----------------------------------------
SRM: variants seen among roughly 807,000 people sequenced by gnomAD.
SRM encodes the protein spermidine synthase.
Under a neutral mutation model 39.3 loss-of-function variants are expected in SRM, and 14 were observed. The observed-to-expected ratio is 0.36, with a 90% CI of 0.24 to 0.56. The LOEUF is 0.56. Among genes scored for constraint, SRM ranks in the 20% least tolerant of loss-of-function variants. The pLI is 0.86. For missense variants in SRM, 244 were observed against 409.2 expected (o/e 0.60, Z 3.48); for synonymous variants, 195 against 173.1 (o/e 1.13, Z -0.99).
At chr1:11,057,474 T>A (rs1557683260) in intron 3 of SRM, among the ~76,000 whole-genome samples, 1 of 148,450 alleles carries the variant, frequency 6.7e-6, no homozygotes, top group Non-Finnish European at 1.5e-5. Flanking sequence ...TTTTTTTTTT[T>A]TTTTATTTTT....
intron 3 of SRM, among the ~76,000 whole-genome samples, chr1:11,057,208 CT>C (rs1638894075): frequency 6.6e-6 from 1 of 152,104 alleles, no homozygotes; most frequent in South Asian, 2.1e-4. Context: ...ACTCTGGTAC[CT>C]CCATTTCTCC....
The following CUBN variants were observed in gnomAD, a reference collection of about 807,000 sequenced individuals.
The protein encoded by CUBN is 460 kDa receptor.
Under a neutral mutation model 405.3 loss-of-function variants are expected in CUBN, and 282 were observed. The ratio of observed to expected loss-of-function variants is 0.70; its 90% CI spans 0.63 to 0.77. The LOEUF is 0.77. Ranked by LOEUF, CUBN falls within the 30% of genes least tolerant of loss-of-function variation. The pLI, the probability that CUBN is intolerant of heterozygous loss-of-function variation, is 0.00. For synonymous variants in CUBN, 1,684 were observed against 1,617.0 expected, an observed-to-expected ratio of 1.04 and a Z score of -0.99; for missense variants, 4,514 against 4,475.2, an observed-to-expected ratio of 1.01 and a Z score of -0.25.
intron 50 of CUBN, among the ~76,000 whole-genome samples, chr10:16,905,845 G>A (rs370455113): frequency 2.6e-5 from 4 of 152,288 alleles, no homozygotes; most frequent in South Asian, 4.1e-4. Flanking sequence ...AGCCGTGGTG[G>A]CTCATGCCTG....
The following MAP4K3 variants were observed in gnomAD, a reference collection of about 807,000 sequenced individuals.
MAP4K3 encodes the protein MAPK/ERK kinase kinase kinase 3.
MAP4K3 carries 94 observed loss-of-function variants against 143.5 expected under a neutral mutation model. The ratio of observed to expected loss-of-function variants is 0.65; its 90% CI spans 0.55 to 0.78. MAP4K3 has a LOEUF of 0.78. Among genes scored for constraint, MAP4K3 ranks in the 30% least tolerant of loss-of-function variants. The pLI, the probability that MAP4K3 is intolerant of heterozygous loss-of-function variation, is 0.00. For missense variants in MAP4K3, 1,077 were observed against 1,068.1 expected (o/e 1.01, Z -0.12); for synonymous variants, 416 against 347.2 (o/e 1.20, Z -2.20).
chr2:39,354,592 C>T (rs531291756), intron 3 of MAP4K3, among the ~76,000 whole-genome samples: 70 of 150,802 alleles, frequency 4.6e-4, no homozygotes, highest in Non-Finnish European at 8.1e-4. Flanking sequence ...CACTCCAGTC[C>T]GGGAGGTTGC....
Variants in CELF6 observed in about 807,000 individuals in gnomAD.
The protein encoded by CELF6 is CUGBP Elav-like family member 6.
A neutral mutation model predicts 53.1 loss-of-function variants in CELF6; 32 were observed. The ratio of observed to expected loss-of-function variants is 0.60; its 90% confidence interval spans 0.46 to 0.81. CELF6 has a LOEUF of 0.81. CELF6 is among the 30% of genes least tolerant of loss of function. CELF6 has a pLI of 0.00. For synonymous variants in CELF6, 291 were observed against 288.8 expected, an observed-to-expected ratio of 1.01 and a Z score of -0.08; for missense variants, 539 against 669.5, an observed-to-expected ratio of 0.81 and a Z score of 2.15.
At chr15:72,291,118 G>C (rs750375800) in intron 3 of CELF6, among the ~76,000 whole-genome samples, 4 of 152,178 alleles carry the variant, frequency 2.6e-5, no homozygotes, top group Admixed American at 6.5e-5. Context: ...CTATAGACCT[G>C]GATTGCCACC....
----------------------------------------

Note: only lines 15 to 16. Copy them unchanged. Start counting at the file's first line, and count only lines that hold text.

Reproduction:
The protein encoded by CELF6 is CUGBP Elav-like family member 6.
A neutral mutation model predicts 53.1 loss-of-function variants in CELF6; 32 were observed. The ratio of observed to expected loss-of-function variants is 0.60; its 90% confidence interval spans 0.46 to 0.81. CELF6 has a LOEUF of 0.81. CELF6 is among the 30% of genes least tolerant of loss of function. CELF6 has a pLI of 0.00. For synonymous variants in CELF6, 291 were observed against 288.8 expected, an observed-to-expected ratio of 1.01 and a Z score of -0.08; for missense variants, 539 against 669.5, an observed-to-expected ratio of 0.81 and a Z score of 2.15.